The current dispensation of India is also facing the wrath of free press for allegedly turning a blind eye to instances of violence against religious minorities by fringe elements from far-right Hindu wing. While the country desperately needs radical reforms in politics and economy to lift millions out of poverty and distress, a parallel narrative of intolerance is being publicized with such vigour that reforms ranging from free LPG connections to loans without collaterals to depressed classes are being dwarfed by allegations of Hindu-centric governance. The national identity scheme, Aadhaar, which aims at curbing leakages in subsidies, is being illicitly projected as a tool for discrimination by the state.
There is also news of some revered figures from the Christianity faith warning to the members of their community of an attempt by the present government to undermine the Indian Constitution and damage the secular fabric of the country. For the minority communities, the videos showing the Prime Minister pausing for the Muslim evening prayer, Azaan, during his public speeches as a show of respect to religious diversity of India make a good watch.
And then this episode of a crime drama that counts among its lead actors a well-known actress from India. The timing suggests of nothing more than propaganda in place to depict the Hindu community as a flag bearer of intolerance toward other faiths.
History provides enough evidences of the US using Pakistan as a way to weaken India’s sphere of influence in Asia. The third largest economy of Asia, India, is a nuclear power and the engine of growth for much of Asia and the world owing to the burgeoning middle class and its demand for goods and services. From providing arms to Pakistan to compelling India to adopt a soft stance on terrorism incubation centres in Pakistan, first the US and now China has attempted to undermine India’s interests.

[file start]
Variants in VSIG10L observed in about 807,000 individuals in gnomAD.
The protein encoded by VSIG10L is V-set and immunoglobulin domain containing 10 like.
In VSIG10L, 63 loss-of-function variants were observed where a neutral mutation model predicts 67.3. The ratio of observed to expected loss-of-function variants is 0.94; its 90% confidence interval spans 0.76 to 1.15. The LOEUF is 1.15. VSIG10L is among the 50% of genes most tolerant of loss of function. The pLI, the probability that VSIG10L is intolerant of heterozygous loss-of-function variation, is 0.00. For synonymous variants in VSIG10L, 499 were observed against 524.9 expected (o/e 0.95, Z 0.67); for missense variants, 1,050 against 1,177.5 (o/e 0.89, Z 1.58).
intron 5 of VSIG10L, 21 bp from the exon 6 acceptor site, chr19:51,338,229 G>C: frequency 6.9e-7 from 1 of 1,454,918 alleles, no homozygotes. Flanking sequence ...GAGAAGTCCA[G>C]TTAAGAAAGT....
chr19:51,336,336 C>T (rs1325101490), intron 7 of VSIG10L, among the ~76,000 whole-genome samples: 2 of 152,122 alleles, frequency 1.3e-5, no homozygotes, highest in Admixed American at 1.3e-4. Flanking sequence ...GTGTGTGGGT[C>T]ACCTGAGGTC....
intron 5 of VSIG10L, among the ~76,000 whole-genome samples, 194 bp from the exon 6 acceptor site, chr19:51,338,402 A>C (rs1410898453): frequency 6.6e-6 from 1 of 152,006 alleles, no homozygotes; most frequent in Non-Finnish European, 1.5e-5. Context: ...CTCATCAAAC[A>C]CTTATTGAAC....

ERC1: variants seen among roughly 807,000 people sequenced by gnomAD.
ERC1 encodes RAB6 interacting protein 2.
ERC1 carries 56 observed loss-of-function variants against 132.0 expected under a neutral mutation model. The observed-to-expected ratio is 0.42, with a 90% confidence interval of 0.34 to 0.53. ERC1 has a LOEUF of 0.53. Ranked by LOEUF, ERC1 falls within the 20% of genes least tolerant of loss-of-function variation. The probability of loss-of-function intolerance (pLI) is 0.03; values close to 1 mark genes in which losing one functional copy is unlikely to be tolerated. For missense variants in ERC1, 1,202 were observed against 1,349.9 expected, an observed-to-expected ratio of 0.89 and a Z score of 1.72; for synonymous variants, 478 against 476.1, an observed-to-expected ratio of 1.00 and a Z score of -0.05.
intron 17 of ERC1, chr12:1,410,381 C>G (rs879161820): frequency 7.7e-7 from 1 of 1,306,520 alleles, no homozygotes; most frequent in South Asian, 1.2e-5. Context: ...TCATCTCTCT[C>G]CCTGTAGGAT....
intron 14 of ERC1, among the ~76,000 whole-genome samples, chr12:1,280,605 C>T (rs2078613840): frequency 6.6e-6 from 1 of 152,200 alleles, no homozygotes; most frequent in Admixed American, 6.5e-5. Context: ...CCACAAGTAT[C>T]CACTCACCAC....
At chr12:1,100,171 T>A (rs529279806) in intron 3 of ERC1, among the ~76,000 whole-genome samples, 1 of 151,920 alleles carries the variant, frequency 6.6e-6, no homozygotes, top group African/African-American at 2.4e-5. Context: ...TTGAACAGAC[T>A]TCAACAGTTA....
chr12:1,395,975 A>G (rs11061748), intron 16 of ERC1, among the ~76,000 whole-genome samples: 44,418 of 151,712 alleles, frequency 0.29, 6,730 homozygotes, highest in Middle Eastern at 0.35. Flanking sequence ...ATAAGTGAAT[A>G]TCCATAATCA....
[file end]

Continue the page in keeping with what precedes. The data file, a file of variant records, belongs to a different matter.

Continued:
US, however, has learned from its past mistakes and the coining of the term ‘Indo-Pacific’ is a clear evidence of America’s acceptance of the rising power of India. India is now a strategic defence partner of the US and our admission into the coveted nuclear groups is backed by much of the West. Yes, Pakistan’s all-weather friend, China, may have made endeavours such as the Belt and Road Initiative to bully India, not much success from these projects is expected.
But why at all are we discussing geopolitics here? Because movies and TV shows possess the power to alter how people view their surroundings. The TV show, whose majority of audience is in the US, only promotes the unfounded theory of the so-called right-wing terrorism, eventually depicting India in bad light. In fact, it doesn’t draw inspiration from any real incident but the writers may have contemplated the use of Hindu terror as a way to sensationalize the project, which is witnessing steady decrease in TRP.
And this all occurred in the presence of an Indian actress who in the episode foiled the terror bid. As a responsible representative of the Indian people, she had a good chance to stop the producers and other parties involved from cunningly using right-wing terror theory as a way to garner interest of viewers. Indeed, the plot was nothing more than a figment of imagination, but yes it had the capacity to seriously harm the interests of all Indians.
Now that the episode has already aired, at least an apology from the actress is awaited. ABC Studios and executive producers of Quantico have already tendered an apology to Indian fans; it is now on the Indian actress to do her part.
(The article is featured in ‘Organiser’ )